"...one of the most memorable, eye-opening, and delicious meals I had this year was not in a restaurant or a pop-up but at the home of Everyday Korean cookbook author Seung Hee Lee. She cooked for a small group of us from her book (and from her family’s recipes) and blew all of our minds with the food of Korea none of us had ever experienced. Seung’s book and its recipes...gorgeous." - Beth McKibben, Eater Atlanta editor (article)

One of "The Best Cookbooks to Gift This Year" - Food Network (article)

Everyday Korean was reviewed by James Beard winning journalist Wendall Brock at AJC !

#KOREATL: A special report on an overlooked community. Interviewees include Seung Hee Lee! (11Alive video
"It is a community hidden in plain sight. Metro Atlanta contains one of the largest Korean-American populations in the country, in a state where Korean is the third-most spoken language. But the community exists largely in a bubble in Gwinnett County. With the Olympics putting a spotlight on South Korea, we're showcasing a population unknown to most in our region." - Matthew Pearl (11Alive article)

"On a recent morning at New Central Market, an Asian grocery on Northern Lights Boulevard in Anchorage, Kim Sunée pinched a piece of a palm-sized, green perilla leaf and slipped it between her teeth." - Julia O'Malley: In the aisles of Anchorage groceries, a food writer collects flavors of Korea. (article)

"요리책 속 레시피 120여 가지는 모두 그녀의 손끝에서 탄생했다. 책 사진 속 요리하는 손이 바로 그녀. 책을 준비하면서 그녀는 대중들의 한식에 대한 관심을 알아보기 위해 2015년 인스타그램(instagram.com/koreanfusion)에 자신이 만든 요리를 올리기 시작했다. 테스트 삼아 시작한 일이었는데 관심은 폭발적이었다. 현재 3만4000여명의 팔로워를 거느린 그녀의 인스타그램은 책이 출간 된 뒤에도 여전히 인기몰이 중이다. 책이 출판 되고 해를 넘겼지만 그녀는 몸이 10개라도 모자랄 지경. 이번 LA행도 북 사인회 때문이었는데 5월에는 오스트리아 유명 식당에서 그녀를 초청, 팝업 한식당을 열 계획이다. 이젠 한숨 돌릴 법도 한데 그녀는 새로운 일을 계획하느라 여전히 분주하다. 최근 그녀가 '꽂힌' 분야는 와인.":  서른 살 의학자의 레시피, 미국을 사로잡다 from KoreaDaily.com by Lee Joo Hyun (article)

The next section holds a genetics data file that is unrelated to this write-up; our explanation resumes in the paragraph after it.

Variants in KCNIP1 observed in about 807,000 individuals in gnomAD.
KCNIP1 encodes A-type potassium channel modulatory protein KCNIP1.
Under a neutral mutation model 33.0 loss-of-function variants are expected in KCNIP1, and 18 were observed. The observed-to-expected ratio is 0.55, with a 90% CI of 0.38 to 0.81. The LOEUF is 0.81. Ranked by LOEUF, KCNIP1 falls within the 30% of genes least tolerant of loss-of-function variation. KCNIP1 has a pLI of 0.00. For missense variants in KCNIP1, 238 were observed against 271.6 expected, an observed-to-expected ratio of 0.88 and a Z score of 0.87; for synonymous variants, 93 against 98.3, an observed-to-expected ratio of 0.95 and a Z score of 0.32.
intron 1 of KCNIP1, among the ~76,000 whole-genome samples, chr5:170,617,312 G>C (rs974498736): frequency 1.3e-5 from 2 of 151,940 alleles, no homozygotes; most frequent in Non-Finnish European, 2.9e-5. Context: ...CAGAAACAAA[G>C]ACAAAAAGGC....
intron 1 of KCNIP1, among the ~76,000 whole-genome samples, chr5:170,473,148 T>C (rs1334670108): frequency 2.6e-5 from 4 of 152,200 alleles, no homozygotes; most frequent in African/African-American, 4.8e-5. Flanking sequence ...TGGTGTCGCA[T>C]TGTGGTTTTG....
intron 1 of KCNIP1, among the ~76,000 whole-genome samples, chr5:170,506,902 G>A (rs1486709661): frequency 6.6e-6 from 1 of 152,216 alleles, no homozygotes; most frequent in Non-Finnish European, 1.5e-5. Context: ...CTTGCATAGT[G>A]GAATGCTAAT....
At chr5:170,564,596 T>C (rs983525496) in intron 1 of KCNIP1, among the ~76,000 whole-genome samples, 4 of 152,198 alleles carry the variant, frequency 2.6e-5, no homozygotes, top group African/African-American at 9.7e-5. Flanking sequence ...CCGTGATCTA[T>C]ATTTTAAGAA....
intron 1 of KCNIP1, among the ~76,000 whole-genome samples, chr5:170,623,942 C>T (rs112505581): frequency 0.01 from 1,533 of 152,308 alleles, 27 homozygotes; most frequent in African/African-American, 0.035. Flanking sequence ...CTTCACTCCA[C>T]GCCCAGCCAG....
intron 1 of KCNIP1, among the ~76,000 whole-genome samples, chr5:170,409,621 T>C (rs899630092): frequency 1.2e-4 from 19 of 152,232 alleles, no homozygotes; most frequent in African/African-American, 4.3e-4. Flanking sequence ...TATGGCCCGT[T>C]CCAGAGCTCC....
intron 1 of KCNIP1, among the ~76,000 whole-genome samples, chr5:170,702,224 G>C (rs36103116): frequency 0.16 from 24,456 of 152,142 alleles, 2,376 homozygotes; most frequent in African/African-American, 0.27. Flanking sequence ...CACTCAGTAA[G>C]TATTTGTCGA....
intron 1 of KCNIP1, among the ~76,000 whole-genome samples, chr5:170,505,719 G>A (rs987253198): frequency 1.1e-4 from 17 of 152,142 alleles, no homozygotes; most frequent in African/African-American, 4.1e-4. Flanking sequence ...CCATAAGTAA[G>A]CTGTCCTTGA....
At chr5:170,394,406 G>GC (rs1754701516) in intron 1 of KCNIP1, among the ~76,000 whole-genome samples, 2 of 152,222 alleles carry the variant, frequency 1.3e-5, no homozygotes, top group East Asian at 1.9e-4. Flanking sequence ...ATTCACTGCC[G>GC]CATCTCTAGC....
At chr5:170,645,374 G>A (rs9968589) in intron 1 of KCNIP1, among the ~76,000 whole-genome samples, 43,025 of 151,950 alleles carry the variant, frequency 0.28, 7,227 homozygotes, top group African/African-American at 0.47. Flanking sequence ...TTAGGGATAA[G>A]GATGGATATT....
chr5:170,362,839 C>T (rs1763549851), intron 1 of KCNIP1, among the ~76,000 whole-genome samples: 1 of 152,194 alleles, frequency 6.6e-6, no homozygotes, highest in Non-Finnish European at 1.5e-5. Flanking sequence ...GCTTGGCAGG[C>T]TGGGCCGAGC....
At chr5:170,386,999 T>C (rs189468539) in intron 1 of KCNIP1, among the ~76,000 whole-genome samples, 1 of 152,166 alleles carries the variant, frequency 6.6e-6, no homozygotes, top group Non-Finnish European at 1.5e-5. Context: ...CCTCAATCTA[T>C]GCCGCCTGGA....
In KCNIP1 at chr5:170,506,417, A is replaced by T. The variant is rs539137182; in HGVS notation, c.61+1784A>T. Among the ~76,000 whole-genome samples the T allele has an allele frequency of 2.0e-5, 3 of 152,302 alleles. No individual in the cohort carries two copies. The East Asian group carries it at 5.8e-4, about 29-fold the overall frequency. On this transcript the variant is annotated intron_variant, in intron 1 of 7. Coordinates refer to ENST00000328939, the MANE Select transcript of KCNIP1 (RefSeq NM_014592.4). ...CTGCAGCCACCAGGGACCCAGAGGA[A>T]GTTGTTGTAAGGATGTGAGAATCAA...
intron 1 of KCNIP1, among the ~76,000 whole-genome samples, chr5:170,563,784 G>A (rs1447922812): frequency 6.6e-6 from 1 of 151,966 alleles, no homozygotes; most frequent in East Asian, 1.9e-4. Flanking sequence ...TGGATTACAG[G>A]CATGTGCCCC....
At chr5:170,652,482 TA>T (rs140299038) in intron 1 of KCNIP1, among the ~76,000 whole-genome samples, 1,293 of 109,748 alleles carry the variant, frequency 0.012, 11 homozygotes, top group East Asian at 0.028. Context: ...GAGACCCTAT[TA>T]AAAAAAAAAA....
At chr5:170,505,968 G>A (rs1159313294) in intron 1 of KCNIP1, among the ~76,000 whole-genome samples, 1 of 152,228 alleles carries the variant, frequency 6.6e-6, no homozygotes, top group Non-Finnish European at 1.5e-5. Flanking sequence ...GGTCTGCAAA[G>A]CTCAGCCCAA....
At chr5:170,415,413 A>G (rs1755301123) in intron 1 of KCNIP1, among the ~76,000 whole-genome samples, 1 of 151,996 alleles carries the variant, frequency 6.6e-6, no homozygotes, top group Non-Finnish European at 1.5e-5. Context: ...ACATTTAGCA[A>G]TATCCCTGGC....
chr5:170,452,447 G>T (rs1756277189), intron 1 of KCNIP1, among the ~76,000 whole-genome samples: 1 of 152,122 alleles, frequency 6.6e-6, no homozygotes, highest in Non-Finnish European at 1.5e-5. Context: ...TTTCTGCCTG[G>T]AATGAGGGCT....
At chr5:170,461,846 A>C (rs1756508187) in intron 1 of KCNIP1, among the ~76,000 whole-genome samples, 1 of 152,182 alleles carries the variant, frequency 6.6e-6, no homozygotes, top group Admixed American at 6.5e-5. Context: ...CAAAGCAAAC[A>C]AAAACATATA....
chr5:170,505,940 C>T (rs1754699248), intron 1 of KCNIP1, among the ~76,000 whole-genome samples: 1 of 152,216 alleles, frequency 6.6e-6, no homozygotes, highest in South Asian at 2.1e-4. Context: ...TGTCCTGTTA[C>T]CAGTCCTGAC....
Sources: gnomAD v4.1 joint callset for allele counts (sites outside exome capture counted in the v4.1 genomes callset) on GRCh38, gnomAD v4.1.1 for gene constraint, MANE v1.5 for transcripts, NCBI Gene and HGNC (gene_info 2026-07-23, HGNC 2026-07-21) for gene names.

"As the Winter Olympics in Pyeongchang are coming to a close, keep the flame - and your interest in Korean food and culture - alive by trying new meals! We talk with the authors of "Everyday Korean: Fresh, Modern Recipes for Home Cooks" to learn about Korean flavors and cooking techniques and get instructions for trying new recipes like focaccia with fried kimchi and gochujang-cured pork belly BBQ." - Breann Schossow, Food Friday: Korean Flavors and Techniques (Listen)

“After meeting Seung for the first time, I knew we had to do this dinner. I love how passionate she is about Korean food. It’s as passionate as I am about Thai food...” -  Talat Market chef Parnass Lim Savang (article)

"Food intersects with our lives in more ways than we think. Food52's Burnt Toast podcast chases those stories to give listeners the perfect pieces of snackable dinner-party fodder—all inside of a commute's time." Listen to Seung Hee's segment in the episode "Tapping Into the World of Maple" regarding the Korean maple tree, Gorosoe. (Listen)

"Chapter five in Lee’s book calls it 'The Heart of the Matter' and includes the dandelion recipe. But since we’re cooking monastically today, we’ll have to make it without the garlic the recipe calls for. 'How are we going to make kimchi without garlic?' asks Lee. 'You just make it without. You can have ginger. It still has a very clean flavor.' Her winter radish kimchi incorporates Asian pears with salt, ginger, and radish greens in its two-week fermentation." -Angela Hansberger, Zen and the art of Korean temple food.  (article)

"For the 2018 AJC Spring Dining Guide, we sat down with some of the leaders in Atlanta’s new fusion revolution." (Erica A. Hernandez/AJC) Video: Korean and Thai fusion cuisine

"Within minutes of meeting Seung Hee Lee-Kwan, two things become abundantly clear: The South Korea-born Atlantan loves food (especially oysters) and wine (exclusively of the natural variety), and she is highly opinionated." -Julia Bainbridge, Take a tour of true Korean food in metro Atlanta (article)

"Arazi says she's delighted by the different ways she's spotted for the use of za'atar. In a fusion with South Korean flavors, cookbook author Seung Hee Lee used it as a finish for tofu steaks that were brushed with rice syrup and sesame oil." -  Micheline Maynard (article)